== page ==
by Steven Ertelt
October 25, 2005
Washington, DC (LifeNews.com) — Despite a survey she completed for a Texas pro-life group showing her in support of a constitutional amendment banning most abortions, Harriet Miers has failed to overcome the skepticism some pro-life advocates have about her stance on abortion. The release of two speeches she gave that touch on the subject may not help her.
The Washington Post, today, unveiled two speeches Miers gave in the early 1990s as the president of the Texas Bar Association.
In her remarks to a Dallas women’s executives group, Miers comments on the increasing role courts are playing in social and religious issues like abortion.
"The ongoing debate continues surrounding the attempt to once again criminalize abortions or to once and for all guarantee the freedom of the individual women’s [sic] right to decide for herself whether she will have an abortion," Miers observed.
Miers added that "self-determination" should guide court decisions these, in cases where science and religious moral views collide, "government should not act."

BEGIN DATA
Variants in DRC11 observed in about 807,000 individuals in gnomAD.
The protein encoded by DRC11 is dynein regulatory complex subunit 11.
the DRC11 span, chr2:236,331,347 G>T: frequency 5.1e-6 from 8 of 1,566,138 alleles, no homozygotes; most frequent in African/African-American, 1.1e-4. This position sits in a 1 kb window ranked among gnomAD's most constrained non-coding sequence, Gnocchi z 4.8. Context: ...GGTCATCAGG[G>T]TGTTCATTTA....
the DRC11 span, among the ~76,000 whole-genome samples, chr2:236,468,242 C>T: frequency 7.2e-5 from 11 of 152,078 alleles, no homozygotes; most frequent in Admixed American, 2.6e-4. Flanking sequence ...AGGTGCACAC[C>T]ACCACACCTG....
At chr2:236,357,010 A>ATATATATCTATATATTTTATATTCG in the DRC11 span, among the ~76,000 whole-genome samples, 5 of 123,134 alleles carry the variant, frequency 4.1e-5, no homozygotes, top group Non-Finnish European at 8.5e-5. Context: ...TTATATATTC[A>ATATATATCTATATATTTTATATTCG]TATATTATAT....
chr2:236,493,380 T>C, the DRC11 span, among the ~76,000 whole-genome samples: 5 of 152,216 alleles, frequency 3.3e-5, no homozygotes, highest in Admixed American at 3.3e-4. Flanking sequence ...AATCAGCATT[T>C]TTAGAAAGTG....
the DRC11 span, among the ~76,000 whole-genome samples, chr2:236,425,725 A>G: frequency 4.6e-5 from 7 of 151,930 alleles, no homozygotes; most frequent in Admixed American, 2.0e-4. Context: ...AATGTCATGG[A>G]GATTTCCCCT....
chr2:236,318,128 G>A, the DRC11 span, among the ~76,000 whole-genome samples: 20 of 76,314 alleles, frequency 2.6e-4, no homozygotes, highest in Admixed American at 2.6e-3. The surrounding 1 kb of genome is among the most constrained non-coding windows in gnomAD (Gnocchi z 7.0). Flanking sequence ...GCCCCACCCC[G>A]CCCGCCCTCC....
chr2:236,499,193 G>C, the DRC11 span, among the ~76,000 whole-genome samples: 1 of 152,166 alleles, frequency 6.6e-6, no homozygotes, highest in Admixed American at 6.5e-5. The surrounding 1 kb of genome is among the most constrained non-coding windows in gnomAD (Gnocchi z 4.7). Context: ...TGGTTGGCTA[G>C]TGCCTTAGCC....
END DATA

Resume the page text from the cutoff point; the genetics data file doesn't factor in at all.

"The underlying theme in most of these cases is the insistence of more self-determination," she said. "And the more I think about these issues, the more self-determination makes sense."
"Legislating religion or morality we gave up on a long time ago," Miers said.
Miers also touched on judicial activism and the reluctance of some lawmakers to deal with tough questions about key issues.
Miers said that sometimes "officials would rather abandon to the courts the hard questions so they can respond to constituents: I did not want to do that — the court is making me."
One pro-life advocate said the speeches will likely add to the concern about where Miers stands on abortion.
"This is going to be very disturbing to conservatives because I think it shows that she is a judicial activist," Mathew Staver, president and general counsel for the Liberty Counsel, a pro-life law firm, told the Post. "This concept of self-determination could clearly be read in support for things like abortion … and it’s a philosophy that cuts a judge loose from the Constitution."
But White House spokesman Jim Dyke said the speeches are "entirely consistent" with a conservative view of judicial restraint.
The Senate Judiciary Committee received the speeches from Miers this week as it seeks to compile information about her in advance of hearings, which begin November 7.